Venezuela’s Chavez Pointed Out the Obvious

Hugo Chavez's speech at the United Nations in New York in mid-September ignited a firestorm of indignation. It's too bad that these same people who were outraged by Chavez's speech were not so offended by the Bush administration's support for a military coup against Chavez.

Hugo Chavez’s speech at the United Nations in New York in mid-September ignited a firestorm of indignation from politicians, TV pundits, and editorial writers that has yet to be extinguished. The president of Venezuela referred to President Bush as “the devil” and warned the world about the threat of the “American empire.”

It’s too bad that these same people who were outraged by Chavez’s speech were not so offended by the Bush administration’s support for a military coup against Chavez’s democratically elected government in 2002.

Although Chavez’s U.N. language was undiplomatic, a military coup that abolishes another country’s constitution, Supreme Court and elected Congress is considerably less diplomatic. But almost all of the voices loudly denouncing Chavez were silent – or worse, supportive – when democracy was temporarily overthrown in Venezuela.

THE U.S. STATE Department has stated that “U.S. assistance programs provided training, institution building, and other support to individuals and organizations understood to be actively involved in the brief ouster of the Chavez government.”

The CIA has released documents showing that the Bush administration had advance knowledge of the coup; but the White House and State Department lied about the events, claiming it was not a coup at all, in an effort to help it succeed.

The Bush administration claims that it is not currently funding efforts to topple Venezuela’s government, but it is pouring millions of dollars into organizations within the country and won’t divulge where this money is going.

So Chavez can hardly be blamed for seeing President Bush as a threat to democracy and the sovereignty of nations. So, too, does most of the world, as was evidenced by the hearty and sustained applause that his speech received from the U.N. delegates.

More powerful evidence will be seen on Oct. 16: despite intense lobbying, threats, and bribing from the Bush administration, the majority of countries will vote to have Venezuela represent Latin America on the U.N. Security Council. The United States is backing Guatemala, a country with a long history of horrific human rights abuses.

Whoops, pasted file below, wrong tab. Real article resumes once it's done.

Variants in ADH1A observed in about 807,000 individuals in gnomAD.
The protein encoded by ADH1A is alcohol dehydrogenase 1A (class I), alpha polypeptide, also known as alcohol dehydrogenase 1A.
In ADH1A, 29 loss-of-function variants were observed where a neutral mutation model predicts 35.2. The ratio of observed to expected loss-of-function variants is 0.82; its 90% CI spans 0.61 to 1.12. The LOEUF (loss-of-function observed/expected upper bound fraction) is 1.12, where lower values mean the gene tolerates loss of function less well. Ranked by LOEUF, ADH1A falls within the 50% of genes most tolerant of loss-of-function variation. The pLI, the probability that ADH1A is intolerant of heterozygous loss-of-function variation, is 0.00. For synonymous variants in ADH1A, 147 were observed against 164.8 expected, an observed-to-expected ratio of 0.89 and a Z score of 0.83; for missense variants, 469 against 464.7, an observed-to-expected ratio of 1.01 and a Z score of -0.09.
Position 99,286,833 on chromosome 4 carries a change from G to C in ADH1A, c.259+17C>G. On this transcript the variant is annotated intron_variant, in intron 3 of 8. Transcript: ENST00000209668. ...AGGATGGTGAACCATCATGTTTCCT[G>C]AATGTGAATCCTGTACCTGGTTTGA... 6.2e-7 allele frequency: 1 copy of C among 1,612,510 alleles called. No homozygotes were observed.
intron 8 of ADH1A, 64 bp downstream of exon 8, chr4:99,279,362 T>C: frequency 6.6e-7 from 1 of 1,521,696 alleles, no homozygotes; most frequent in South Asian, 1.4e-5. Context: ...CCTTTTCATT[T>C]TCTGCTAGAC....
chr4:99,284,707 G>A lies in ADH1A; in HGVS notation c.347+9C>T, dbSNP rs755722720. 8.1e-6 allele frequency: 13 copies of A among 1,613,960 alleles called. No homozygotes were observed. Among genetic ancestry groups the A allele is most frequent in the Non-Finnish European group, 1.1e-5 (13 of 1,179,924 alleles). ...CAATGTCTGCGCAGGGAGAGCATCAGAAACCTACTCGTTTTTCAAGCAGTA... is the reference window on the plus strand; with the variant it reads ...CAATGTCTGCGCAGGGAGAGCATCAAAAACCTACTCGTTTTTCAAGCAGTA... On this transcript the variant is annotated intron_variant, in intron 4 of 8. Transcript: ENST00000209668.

Yet Chavez is not anti-American, as the media describe him. While in New York, he announced that Venezuelan-owned Citgo would more than double the number of U.S. low-income households – already in the hundreds of thousands last winter – that would receive heating oil at discounts of up to 40 percent this year. “Citgo Petroleum and Venezuela have stepped up to the plate to help people worried about freezing in their own homes this winter,” said Brian O’Connor of Citizens’ Energy Corp. in Boston.

It was not the United States or Americans that Chavez railed against in his speech, but “the empire,” and he was careful to make that distinction. “What kind of democracy do you impose with marines and bombs?” he asked.

Many millions of Americans are asking the same question: They do not think that the United States should invade other countries or try to rule the world. And we are paying a high price for such efforts, especially in Iraq, where more than 2,700 U.S. soldiers have been killed and more than $380 billion wasted.

U.S. AMBASSADOR to the United Nations John Bolton responded to Chavez’s speech by lamenting that the Venezuelan president didn’t give the “same freedom of speech” to Venezuelans that he had just exercised. Conservative TV talk show host John McLaughlin made fun of Bolton’s ignorance: “Well, Ambassador Bolton, maybe they already have freedom of speech.” Indeed they do, with the most anti-government media in the hemisphere.

The Bush administration seeks to de-legitimize Venezuela, both to weaken Chavez’s criticism and to justify its intervention there. The media often contribute to this effort. But Venezuela remains a democracy, even if Washington doesn’t like what its elected president has to say.

(Editor’s note: The writer is co-director of the Center for Economic and Policy Research.)